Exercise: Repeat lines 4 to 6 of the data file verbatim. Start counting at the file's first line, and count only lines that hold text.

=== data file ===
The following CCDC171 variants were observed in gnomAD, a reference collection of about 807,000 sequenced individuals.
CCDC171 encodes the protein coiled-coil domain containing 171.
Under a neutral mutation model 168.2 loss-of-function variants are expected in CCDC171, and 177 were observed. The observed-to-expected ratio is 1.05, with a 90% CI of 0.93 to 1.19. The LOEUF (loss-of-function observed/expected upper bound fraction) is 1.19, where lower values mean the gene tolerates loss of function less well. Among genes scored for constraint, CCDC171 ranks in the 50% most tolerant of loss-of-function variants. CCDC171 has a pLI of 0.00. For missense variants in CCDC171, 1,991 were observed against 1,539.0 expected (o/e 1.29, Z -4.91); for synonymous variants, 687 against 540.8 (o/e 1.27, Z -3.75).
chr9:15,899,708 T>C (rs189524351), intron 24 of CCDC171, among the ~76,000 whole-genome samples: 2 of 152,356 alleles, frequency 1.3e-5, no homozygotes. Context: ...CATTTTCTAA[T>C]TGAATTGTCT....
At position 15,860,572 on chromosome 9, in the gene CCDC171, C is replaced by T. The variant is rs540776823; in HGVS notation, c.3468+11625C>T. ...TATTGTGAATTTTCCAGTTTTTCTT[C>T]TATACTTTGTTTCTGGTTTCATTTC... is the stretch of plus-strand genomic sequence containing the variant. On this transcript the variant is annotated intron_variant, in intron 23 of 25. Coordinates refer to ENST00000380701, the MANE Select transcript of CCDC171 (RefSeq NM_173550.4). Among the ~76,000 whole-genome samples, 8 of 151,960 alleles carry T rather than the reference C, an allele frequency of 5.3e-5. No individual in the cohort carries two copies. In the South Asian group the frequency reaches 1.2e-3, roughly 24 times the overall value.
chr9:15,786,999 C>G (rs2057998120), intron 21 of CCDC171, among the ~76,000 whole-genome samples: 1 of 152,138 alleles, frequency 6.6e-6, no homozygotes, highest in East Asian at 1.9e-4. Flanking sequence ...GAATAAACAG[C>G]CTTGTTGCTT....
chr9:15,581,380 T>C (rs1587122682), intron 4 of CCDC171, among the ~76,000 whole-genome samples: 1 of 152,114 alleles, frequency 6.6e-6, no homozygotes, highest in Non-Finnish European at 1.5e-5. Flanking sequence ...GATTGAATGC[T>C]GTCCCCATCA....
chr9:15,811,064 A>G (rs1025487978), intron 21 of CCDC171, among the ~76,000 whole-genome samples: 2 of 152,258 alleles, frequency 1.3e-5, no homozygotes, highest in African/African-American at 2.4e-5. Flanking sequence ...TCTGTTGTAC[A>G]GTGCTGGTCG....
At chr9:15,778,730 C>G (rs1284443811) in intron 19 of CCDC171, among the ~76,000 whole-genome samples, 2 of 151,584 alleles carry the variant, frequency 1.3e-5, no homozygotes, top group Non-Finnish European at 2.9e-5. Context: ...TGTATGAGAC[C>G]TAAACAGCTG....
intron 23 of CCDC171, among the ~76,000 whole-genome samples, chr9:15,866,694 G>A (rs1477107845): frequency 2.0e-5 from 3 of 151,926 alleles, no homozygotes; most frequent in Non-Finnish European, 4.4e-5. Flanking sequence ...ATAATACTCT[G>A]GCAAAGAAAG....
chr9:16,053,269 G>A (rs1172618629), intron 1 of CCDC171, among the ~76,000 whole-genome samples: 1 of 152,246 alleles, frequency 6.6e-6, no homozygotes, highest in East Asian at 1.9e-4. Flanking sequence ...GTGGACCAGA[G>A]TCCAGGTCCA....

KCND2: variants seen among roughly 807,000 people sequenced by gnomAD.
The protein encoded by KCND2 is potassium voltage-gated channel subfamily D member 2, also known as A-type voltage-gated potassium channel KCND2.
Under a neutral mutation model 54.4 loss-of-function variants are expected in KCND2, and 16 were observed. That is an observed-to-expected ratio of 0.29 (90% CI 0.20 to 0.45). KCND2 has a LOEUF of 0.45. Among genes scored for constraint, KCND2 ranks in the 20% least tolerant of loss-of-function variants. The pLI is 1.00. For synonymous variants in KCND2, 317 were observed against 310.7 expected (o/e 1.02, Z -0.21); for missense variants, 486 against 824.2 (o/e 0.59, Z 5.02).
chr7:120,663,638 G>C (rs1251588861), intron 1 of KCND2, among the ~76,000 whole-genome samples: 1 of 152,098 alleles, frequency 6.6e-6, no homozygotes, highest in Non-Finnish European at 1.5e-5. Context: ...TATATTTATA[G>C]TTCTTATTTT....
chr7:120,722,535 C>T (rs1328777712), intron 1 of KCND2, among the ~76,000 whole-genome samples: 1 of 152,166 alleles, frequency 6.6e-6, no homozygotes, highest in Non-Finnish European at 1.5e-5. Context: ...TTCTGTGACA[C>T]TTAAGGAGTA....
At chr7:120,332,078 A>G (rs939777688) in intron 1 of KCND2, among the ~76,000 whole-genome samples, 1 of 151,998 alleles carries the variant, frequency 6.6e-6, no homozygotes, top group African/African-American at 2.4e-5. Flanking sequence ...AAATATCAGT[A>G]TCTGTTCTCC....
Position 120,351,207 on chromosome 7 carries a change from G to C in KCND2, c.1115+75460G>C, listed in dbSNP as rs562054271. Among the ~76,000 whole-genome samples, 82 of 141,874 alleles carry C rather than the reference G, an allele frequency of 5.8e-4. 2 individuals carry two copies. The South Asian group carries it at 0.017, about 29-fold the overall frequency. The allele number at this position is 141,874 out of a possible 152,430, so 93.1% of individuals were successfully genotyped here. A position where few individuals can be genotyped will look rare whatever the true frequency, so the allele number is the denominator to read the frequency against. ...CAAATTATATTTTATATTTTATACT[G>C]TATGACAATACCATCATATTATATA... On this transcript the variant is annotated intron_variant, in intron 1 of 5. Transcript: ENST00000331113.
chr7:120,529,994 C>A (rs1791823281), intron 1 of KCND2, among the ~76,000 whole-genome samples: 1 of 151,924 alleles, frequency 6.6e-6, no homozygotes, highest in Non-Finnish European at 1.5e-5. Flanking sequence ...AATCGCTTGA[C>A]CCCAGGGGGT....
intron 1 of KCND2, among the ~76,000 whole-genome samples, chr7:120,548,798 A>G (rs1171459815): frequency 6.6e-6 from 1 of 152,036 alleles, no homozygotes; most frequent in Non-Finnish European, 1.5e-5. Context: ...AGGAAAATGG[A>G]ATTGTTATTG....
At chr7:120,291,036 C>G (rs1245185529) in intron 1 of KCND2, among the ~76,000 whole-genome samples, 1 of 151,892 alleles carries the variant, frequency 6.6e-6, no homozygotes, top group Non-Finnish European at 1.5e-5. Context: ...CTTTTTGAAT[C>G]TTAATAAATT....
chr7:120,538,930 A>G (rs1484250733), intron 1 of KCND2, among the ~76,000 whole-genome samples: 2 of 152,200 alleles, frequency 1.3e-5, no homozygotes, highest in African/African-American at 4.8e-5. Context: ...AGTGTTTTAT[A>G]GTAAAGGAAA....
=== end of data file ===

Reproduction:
chr9:15,899,708 T>C (rs189524351), intron 24 of CCDC171, among the ~76,000 whole-genome samples: 2 of 152,356 alleles, frequency 1.3e-5, no homozygotes. Context: ...CATTTTCTAA[T>C]TGAATTGTCT....
At position 15,860,572 on chromosome 9, in the gene CCDC171, C is replaced by T. The variant is rs540776823; in HGVS notation, c.3468+11625C>T. ...TATTGTGAATTTTCCAGTTTTTCTT[C>T]TATACTTTGTTTCTGGTTTCATTTC... is the stretch of plus-strand genomic sequence containing the variant. On this transcript the variant is annotated intron_variant, in intron 23 of 25. Coordinates refer to ENST00000380701, the MANE Select transcript of CCDC171 (RefSeq NM_173550.4). Among the ~76,000 whole-genome samples, 8 of 151,960 alleles carry T rather than the reference C, an allele frequency of 5.3e-5. No individual in the cohort carries two copies. In the South Asian group the frequency reaches 1.2e-3, roughly 24 times the overall value.
chr9:15,786,999 C>G (rs2057998120), intron 21 of CCDC171, among the ~76,000 whole-genome samples: 1 of 152,138 alleles, frequency 6.6e-6, no homozygotes, highest in East Asian at 1.9e-4. Flanking sequence ...GAATAAACAG[C>G]CTTGTTGCTT....